In Horath v. Hess (filed 4/10/14) D063124 & D063709, prior to arbitration of an automobile personal injury case, the parties stipulated in writing to the acceptance of a minimum award of $44,000 and a maximum of $100,000; the agreement was not disclosed to the arbitrator who was to independently determine his award. Any costs awarded by the arbitrator would be added to the stipulated amount. The arbitrator awarded plaintiff $329, 644.61 in damages, plus $36,882.61 in costs. Plaintiff petitioned the trial court to confirm that award. After more than 100 days had passed, defendant filed two motions: the first to limit the judgment for damages to $100,000, and the second for relief from default. Both motions were denied, and the arbitrator’s award was confirmed.
After having paid the stipulated $100,000, plus $36,882.61 in costs, to plaintiff, defendant filed a motion in a separate action for acknowledgment of satisfaction of judgment. The trial court denied the motion, determining that judgment was as confirmed from the arbitrator’s award, the face of the arbitrator’s award governed, and defendant had untimely challenged that award.
On appeal of the two consolidated cases, the Court of Appeal, Fourth Appellate District, Division One, concluded the trial court erred by denying defendant’s motion for satisfaction of judgment. Determinative of the appeal was the application of Code of Civil Procedure section 724.050, the section under which defendant sought to obtain a court-entered satisfaction of judgment. That section provides, at subdivision (d), that a judgment debtor may apply to the court for satisfaction where the creditor refuses the debtor’s demand for such. Section 724.010, subdivision (a) states that a satisfaction does not require full payment of the amount of judgment where there has been “acceptance by the judgment creditor of a lesser sum in full satisfaction of the judgment.” The trial court had agreed with plaintiff that the parties’ pre-arbitration award stipulation did not exempt defendant from the requirement of timely seeking to vacate or correct the award before entry of judgment.
Plaintiff argued in its respondent’s appellate brief that, even if the statute provided the method for a judgment debtor to enforce a judgment creditor’s agreement to accept less than the full judgment, the statute calls for a situation where the stipulation or agreement arose after the judgment was entered rather than before entry, as was the case here. The court of appeal saw this as a distinction without a difference. Under general contractual principals, the parties mutually agreed to the “high-low” provision including that both parties benefited by taking a degree of the risk out of the arbitrator’s independent determination. It was understood that this independent award would not govern the payment necessary to satisfy the judgment; rather their stipulation would govern.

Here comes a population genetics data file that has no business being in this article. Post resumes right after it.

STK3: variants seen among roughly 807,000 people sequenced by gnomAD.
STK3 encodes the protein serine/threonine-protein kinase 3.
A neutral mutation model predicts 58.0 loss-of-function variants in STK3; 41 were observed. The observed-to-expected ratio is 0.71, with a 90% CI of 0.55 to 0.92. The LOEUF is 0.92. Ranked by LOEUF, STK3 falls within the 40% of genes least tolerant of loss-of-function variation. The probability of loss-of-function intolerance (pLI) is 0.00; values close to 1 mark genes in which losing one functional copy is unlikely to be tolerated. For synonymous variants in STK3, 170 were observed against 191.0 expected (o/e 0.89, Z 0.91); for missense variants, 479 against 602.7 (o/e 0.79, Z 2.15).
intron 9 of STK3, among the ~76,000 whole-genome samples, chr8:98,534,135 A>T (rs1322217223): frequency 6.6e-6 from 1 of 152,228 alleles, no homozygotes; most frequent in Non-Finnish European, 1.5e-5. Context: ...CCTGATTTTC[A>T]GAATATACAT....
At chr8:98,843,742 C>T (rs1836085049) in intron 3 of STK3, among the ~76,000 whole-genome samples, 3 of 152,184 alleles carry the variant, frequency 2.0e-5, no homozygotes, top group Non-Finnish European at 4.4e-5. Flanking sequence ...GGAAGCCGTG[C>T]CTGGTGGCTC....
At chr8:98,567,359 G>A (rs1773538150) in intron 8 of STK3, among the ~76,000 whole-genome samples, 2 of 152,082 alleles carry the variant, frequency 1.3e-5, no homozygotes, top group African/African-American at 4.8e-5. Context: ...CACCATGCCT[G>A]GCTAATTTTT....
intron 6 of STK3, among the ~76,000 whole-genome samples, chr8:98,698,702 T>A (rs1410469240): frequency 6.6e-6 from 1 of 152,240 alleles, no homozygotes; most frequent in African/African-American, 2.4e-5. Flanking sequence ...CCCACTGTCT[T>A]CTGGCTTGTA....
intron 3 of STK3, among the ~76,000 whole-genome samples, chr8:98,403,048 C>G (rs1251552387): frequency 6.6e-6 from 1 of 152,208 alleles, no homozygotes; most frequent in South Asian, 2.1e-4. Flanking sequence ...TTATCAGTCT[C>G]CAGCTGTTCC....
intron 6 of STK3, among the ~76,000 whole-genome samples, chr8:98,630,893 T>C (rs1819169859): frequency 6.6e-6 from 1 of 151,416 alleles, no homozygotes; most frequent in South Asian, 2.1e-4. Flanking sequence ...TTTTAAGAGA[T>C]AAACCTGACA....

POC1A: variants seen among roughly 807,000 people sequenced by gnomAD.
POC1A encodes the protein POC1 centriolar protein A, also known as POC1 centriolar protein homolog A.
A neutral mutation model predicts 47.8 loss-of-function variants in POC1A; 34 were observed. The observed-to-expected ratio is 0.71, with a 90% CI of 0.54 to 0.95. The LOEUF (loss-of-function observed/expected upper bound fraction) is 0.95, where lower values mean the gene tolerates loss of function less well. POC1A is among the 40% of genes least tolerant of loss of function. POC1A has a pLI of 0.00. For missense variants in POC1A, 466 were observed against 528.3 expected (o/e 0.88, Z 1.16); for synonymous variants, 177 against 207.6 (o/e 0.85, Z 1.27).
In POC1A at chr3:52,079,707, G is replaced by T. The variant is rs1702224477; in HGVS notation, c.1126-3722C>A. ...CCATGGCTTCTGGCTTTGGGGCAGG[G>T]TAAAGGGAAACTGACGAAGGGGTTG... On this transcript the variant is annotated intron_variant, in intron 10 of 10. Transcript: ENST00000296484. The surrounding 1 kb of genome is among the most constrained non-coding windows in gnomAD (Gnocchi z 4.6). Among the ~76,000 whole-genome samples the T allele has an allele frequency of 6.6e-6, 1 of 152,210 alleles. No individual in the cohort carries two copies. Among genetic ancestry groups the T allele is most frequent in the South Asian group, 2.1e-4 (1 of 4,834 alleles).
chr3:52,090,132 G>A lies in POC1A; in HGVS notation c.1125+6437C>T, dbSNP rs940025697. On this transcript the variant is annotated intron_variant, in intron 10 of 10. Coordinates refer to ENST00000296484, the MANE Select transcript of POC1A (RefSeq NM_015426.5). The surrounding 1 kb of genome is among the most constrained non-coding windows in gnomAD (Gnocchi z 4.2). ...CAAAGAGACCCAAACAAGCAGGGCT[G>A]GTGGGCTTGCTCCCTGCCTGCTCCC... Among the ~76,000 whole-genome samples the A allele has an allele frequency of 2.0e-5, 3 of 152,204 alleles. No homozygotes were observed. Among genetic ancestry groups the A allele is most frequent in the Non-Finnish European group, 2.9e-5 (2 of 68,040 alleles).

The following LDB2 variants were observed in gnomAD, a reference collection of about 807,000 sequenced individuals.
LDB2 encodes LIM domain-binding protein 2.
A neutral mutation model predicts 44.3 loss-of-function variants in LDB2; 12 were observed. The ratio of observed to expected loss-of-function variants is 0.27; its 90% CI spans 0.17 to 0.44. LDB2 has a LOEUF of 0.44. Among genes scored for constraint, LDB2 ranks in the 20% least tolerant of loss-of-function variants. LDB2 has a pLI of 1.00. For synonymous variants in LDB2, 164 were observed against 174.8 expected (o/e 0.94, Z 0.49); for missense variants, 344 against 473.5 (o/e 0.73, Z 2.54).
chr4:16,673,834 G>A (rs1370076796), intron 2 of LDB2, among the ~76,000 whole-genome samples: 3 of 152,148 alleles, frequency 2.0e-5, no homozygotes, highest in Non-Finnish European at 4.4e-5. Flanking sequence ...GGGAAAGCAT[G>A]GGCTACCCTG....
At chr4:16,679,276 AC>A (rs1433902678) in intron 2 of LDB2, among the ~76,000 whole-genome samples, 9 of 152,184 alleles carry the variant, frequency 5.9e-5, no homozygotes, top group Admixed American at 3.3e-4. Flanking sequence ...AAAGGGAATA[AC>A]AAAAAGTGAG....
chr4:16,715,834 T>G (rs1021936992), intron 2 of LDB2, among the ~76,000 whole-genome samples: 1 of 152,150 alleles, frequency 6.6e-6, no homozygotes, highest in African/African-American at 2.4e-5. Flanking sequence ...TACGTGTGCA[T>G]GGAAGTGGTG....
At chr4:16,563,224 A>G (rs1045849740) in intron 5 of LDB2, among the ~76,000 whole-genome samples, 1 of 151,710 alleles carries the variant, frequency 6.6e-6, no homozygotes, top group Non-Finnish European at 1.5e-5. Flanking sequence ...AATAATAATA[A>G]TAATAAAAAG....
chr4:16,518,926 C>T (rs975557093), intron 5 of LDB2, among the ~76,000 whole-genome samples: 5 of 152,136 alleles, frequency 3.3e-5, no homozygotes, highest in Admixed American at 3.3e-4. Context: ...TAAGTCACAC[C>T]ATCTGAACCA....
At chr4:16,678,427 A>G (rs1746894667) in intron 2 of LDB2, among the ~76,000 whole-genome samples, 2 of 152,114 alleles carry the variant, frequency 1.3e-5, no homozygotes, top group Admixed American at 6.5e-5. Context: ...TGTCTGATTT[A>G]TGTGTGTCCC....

It is clear from this opinion that the parties’ stipulation controlled the parameters of the case’s ultimate resolution by payment, even if that occurred before the commencement of the arbitration proceedings. The stipulation takes precedence over the arbitrator’s award, even if recognized as the judgment in the case. To gain an order of satisfaction, the debtor need not set aside or modify the judgment, as satisfaction is governed by the party’s stipulation.
Nonetheless, a safer course of action would be for the debtor to timely oppose the entry of any judgment to be entered contrary to the stipulation, as things could get messy if the creditor exercised collection remedies. Section 724.050 merely provides a safety valve. Although the appellate opinion does not address the notion of unclean hands, I have to think that the court was distressed by the “hard-ball” tactic of the creditor in refusing to acknowledge satisfaction, while accepting the payment consistent with the stipulation.
I also wonder how the situation would work in the reverse: if the arbitrator had, for example, awarded damages in the total sum of only $20,000 (less than the $44,000 damage minimum). Pursuant to the stipulation, defendant would then have to pay a sum greater than the award in order to gain satisfaction. The express terms of section 724.010 address only the acceptance of a “lesser sum” in full satisfaction. I suppose the plaintiff would then be in a position to decline satisfaction of judgment unless the greater sum is paid. It just seems that the language of section 724.050 could not control in that situation, and the enforcement mechanism is not mutual.